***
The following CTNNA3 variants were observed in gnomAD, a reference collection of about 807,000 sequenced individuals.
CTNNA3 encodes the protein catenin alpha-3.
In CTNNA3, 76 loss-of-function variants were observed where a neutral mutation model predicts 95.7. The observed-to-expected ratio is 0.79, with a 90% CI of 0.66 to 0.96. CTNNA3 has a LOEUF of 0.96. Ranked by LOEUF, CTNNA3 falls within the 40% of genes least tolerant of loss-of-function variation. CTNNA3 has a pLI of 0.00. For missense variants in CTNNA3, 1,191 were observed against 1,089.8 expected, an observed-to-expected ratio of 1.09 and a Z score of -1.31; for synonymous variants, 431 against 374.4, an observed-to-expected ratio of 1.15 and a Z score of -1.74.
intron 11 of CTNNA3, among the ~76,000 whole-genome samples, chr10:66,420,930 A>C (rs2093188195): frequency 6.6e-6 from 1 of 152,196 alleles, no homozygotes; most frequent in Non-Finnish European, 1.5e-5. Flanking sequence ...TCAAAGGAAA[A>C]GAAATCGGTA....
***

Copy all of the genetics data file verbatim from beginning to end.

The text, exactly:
The following CTNNA3 variants were observed in gnomAD, a reference collection of about 807,000 sequenced individuals.
CTNNA3 encodes the protein catenin alpha-3.
In CTNNA3, 76 loss-of-function variants were observed where a neutral mutation model predicts 95.7. The observed-to-expected ratio is 0.79, with a 90% CI of 0.66 to 0.96. CTNNA3 has a LOEUF of 0.96. Ranked by LOEUF, CTNNA3 falls within the 40% of genes least tolerant of loss-of-function variation. CTNNA3 has a pLI of 0.00. For missense variants in CTNNA3, 1,191 were observed against 1,089.8 expected, an observed-to-expected ratio of 1.09 and a Z score of -1.31; for synonymous variants, 431 against 374.4, an observed-to-expected ratio of 1.15 and a Z score of -1.74.
intron 11 of CTNNA3, among the ~76,000 whole-genome samples, chr10:66,420,930 A>C (rs2093188195): frequency 6.6e-6 from 1 of 152,196 alleles, no homozygotes; most frequent in Non-Finnish European, 1.5e-5. Flanking sequence ...TCAAAGGAAA[A>C]GAAATCGGTA....